Saturday, 5 April 2014

HANNIBAL, 2.6 – 'Futamono'

Saturday, 5 April 2014

written by Andy Black, Bryan Fuller, Scott Nimerfo & Steve Lightfoot (story by Andy Black) | directed by Tim Hunter

Coming halfway through the second season, it's fitting that "Futamono" changes the narrative in keys way—even if a few of them probably won't stick, for now. Above all, this was an episode where Jack (Laurence Fishburne) finally began to take Will's (Hugh Dancy) assertion that Lecter (Mads Mikkelsen) is a the Chesapeake Ripper seriously, which led to some very interesting sequences of investigation. I was also glad Dr Chilton (Raúl Esparza) seems to believe Will's telling the truth about Lecter (who fits the profile of a sociopath), after overhearing him talking with Abel Gideon (Eddie Izzard) about their meeting in a room Gideon shouldn't be able to describe. Chilton even coined the nickname "Hannibal the Cannibal" in this episode, during a dinner party where Jack had his team test the food Lecter's serving his guests.

However, Jack's growing concerns gradually fizzled away. Lecter was a few steps aheas of Will and Jack this episode; enlivened by his brush with death last week and now composing music, while resuming his Chesapeake Ripper activities by grafting a councilman into a living tree with a belly full of poisonous flowers. Lecter was serving regular animal meat during his party, and in one particularly clever move he slept with Dr Bloom (Catherine Dhavernas) in order to have an alibi after killing Gideon's hospital prison guard and attaching him to the roof with fish-hooks.

Having seen Lecter at his most vulnerable last week (wrists slashed and balancing on an old bucket with a noose around his neck), it was good to see the show's eponymous villain outmanoeuvring everyone. But it also seems that he's changing the game somewhat, perhaps because he's growing bored? He left dozens of clues on the fish-hooks that undoes the theory of there being a Chesapeake Ripper copycat, and in the episode's astonishing climax another clue led Jack to a remote farmhouse where he discovered none other than Miriam Lass (Anna Chlumsky) in a hole—the young FBI agent who was Jack's protégé, and whose apparent death (at Lecter's hand) has informed a lot of his character.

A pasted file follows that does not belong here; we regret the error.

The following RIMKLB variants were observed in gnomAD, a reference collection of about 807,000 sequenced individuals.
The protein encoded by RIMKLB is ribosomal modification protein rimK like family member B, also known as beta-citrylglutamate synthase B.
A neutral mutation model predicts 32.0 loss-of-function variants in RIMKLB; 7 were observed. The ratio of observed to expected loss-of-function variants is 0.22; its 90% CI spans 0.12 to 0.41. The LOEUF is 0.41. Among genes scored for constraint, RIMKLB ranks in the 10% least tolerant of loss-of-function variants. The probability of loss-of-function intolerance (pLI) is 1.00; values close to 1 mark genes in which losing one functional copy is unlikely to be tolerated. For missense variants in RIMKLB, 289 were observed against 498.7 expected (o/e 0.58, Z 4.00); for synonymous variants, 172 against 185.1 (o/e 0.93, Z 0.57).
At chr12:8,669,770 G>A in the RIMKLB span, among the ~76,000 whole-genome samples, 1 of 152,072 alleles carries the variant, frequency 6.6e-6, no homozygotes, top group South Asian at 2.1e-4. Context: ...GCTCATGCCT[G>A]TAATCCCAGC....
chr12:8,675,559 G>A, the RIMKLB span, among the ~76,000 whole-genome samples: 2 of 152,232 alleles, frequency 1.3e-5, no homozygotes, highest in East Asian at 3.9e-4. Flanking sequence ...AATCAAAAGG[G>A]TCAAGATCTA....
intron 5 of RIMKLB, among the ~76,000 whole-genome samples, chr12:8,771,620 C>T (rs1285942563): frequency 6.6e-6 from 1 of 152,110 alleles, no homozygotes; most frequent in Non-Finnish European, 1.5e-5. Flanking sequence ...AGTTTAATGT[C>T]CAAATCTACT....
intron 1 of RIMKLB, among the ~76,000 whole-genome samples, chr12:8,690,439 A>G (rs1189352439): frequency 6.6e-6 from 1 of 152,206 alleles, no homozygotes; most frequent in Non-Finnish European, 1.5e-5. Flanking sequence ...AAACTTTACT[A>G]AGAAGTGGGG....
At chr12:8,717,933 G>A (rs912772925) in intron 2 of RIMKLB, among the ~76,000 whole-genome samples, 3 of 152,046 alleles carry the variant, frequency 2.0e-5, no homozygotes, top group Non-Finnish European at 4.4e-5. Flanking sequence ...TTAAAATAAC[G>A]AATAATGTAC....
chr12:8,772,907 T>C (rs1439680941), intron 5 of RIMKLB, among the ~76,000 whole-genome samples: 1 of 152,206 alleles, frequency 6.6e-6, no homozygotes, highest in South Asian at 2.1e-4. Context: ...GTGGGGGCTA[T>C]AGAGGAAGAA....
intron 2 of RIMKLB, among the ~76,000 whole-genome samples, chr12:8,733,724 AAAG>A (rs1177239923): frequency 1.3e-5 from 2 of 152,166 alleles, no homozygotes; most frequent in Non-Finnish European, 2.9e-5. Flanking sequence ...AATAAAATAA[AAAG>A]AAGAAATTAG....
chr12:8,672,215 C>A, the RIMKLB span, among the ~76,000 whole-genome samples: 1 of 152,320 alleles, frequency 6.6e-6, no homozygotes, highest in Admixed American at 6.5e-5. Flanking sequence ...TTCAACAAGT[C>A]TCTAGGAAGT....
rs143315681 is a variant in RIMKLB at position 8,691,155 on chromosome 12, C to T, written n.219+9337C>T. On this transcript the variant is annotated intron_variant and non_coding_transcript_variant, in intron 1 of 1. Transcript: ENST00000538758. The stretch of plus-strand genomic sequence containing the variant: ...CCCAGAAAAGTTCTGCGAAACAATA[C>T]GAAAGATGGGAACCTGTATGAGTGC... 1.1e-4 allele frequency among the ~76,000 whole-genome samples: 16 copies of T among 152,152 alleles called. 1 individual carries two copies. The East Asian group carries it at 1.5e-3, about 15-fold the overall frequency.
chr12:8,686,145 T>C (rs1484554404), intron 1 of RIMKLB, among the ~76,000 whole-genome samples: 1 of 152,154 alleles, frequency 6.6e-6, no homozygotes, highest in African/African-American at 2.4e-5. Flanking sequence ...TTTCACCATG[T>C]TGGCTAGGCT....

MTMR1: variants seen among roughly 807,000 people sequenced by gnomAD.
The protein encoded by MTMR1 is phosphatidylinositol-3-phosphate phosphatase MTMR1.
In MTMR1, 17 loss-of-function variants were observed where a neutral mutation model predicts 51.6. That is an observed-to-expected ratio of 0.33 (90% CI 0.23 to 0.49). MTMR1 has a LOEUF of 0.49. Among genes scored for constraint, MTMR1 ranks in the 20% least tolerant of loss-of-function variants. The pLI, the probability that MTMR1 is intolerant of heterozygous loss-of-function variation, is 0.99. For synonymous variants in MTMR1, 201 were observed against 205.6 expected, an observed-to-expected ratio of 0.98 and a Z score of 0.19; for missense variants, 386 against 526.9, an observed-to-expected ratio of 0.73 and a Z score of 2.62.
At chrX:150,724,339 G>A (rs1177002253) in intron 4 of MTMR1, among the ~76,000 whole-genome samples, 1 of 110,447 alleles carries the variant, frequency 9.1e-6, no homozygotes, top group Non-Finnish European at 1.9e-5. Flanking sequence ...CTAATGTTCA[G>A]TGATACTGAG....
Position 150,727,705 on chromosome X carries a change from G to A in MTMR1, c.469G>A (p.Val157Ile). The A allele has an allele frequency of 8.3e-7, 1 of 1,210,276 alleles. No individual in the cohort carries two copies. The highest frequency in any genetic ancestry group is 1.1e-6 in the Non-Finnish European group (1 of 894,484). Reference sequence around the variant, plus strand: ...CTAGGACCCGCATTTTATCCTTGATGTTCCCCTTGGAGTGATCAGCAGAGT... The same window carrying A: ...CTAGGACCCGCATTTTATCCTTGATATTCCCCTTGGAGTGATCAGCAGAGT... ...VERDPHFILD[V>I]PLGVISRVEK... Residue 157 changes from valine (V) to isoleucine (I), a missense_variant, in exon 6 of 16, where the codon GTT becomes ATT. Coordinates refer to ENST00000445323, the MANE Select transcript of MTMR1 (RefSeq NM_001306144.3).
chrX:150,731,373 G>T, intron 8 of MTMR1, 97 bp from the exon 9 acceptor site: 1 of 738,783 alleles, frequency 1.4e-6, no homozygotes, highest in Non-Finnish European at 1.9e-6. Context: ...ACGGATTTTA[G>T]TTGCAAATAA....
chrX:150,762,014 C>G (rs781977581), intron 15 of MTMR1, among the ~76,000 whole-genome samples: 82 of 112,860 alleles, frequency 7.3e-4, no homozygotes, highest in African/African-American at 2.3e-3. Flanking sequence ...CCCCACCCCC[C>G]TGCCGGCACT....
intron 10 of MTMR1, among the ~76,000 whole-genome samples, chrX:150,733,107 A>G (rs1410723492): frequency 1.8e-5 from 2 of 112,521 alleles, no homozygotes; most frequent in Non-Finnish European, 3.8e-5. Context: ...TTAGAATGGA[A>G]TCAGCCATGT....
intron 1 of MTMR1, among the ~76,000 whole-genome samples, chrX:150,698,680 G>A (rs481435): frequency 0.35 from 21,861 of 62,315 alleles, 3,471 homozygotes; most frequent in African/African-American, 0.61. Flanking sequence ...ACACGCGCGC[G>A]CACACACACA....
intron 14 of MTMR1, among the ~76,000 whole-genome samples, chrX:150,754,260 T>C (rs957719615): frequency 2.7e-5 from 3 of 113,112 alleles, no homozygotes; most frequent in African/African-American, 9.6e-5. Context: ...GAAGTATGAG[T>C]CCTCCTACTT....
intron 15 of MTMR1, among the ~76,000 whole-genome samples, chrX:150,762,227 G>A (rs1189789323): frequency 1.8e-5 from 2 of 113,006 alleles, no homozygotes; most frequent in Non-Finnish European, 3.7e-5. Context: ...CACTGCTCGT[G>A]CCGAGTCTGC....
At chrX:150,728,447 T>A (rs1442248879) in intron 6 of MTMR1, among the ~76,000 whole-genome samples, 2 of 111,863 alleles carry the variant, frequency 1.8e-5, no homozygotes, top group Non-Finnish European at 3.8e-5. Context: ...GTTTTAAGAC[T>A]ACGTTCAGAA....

What does this mean going forward? Surely Miriam can point the finger at Lecter as her abductor, and the person who sawed her arm off? Why has Lecter been keeping her alive? Has Jack got a genuine break in the case, or did Lecter know they'd trace Miriam's whereabouts from tree bark? If so, why let them get to her? Has her mind been manipulated, similarly to Will Graham's, so she won't be able to tell them anything of any worth? This still all feels very risky from Lecter's perspective, but I guess he thrives on the thrill of outwitting people no matter how many chances he affords them.

The great thing about "Futamono" is how cleverly is seemed to progress the story down one path, only to backup and take us down another. My guess is that Chilton's going to remain wary of Lecter from hereon, but Jack's going to be sucked back into believing he's innocent (provided Miriam's memory of events aren't accurate or reliable after so many years in confinement). It also had some of that amazingly baroque imagery and messed up ideas Hannibal is unbeatable for: such as the murder victim whose dead body had become the trunk of a tree, and the shocking moment when Gideon was revealed to have had his leg amputated by Lecter... and then served it to eat at his captor's dinner table, which he did so he didn't appear weak. What's Lecter's plan for Gideon now, though? Lots of questions, and lots of clever changes to the direction of the season.

  • Did you catch Lecter mentioning he was once rudely woken up by a man conducting an early morning census? This was a nod to the famous line in Silence of the Lambs: "a census taker once tried to test me. I ate his liver with some fava beans and a nice Chianti".
  • If Miriam's actually been kept alive, then for what purpose? Lecter's m.o didn't seem to include keeping people captive for years, so why did he do that with Miriam? And if he does occasionally keep certain victims alive, is there a chance Abigail Hobbes isn't dead either? Her ear has been the only evidence she's been killed, similarly to how everyone believed Miriam was dead because her amputated arm was found.
  • How bad is Alana Bloom going to feel when she realises she not only turned her back on the innocent Will Graham, but also slept with the enemy under their noses?
4 April 2014 | NBC